The meaning of Obama’s trip
SAMİ KOHENPolitical analysts are having difficulty trying to define U.S. President Barack Obama’s current Middle East trip.
Is this a “historic visit”? Or is it a “peace visit”? Not quite. The American leader is not coming to the region with a new plan or a new diplomatic initiative.
However, this trip, with Israel at its center, is not an ordinary trip. Perhaps the most significant aspect of this trip is that Obama, at the beginning of his second presidential term, has felt the need to make his first visit to this region. The main address of the visit is Israel. On this opportunity, Palestine and Jordan have also been added to the list. In his first presidential term, Obama (after Ankara) went to Cairo and addressed the Arab and the Islamic world from there. He did not make an official visit to Israel during that term, preferring instead to meet the Israeli leaders in Washington.
Again, at the beginning of the first term, he put efforts into accelerating the Israeli-Palestine peace process, but this initiative did not yield any results. What’s more, last year Obama fell out with Israeli Prime Minister Netanyahu and this created a standoff between the two countries.
The primary reason for Obama to make his first trip to Israel after re-election is the wish to eliminate this standoff. The share of domestic policy factors in this calculation is about the same as the U.S.’s strategic interests.
For this reason, analysts see this trip as a “restoration of confidence” with Israeli leaders and “conciliation” with the people of Israel.
U.S. officials, like the Israelis, are trying to keep expectations modest about this trip. This means that a new plan or an initiative will not emerge from the meetings.
Three files will be the main focus of Obama’s meetings with Israel, Palestine and Jordan. Some American diplomats prioritize Iran, while Obama is of the opinion that more time and more patience are needed to solve the nuclear crisis. Actually, he is concerned about potential for a one sided Israeli military operation. He will therefore try to stop Netanyahu in this respect and persuade him to “leave this business to me.”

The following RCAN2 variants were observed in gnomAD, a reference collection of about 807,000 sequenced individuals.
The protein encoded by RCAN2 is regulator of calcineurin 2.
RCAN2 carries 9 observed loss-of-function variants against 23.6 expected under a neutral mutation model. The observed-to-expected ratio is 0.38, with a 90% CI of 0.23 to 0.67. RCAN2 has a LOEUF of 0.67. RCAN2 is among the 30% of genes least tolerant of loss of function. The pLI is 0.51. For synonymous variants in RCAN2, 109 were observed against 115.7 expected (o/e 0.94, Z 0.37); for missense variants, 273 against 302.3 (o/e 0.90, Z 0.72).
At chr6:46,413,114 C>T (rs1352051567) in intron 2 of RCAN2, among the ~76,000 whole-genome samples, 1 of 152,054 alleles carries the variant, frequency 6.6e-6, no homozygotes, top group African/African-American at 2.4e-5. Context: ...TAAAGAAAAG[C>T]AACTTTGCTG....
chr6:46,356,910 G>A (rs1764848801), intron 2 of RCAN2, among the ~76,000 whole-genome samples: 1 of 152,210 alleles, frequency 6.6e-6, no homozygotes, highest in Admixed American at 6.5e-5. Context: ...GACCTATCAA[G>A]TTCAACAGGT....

The second file is about the Palestinian issue. The restarting of negotiations is still far from being on the agenda, but Obama will encourage both sides to show flexibility on this matter - especially Israel, by stopping its launching of new settlements – in order to start the process again.
Without getting too involved
Finally, the third file is about Syria. This is a number one issue, especially for Jordan. However, it is doubtful that the fact that there is a consensus about Syria will cause a more active U.S. role in practice.
In short, concrete results solving issues should not to be expected from this trip of Obama. Nevertheless, there is no doubt that this trip - which is being closely watched by the entire world - has a symbolic meaning. It shows that, despite all of Obama’s other priorities, he has not given up focusing on the region. However, he is also making it known that he would prefer not to interfere with regional issues, unless he considers it to be imperative.
Sami Kohen is a columnist for daily Milliyet in which this piece was published on March 20. It was translated into English by the Daily News staff.
SAMİ KOHEN - firstname.lastname@example.org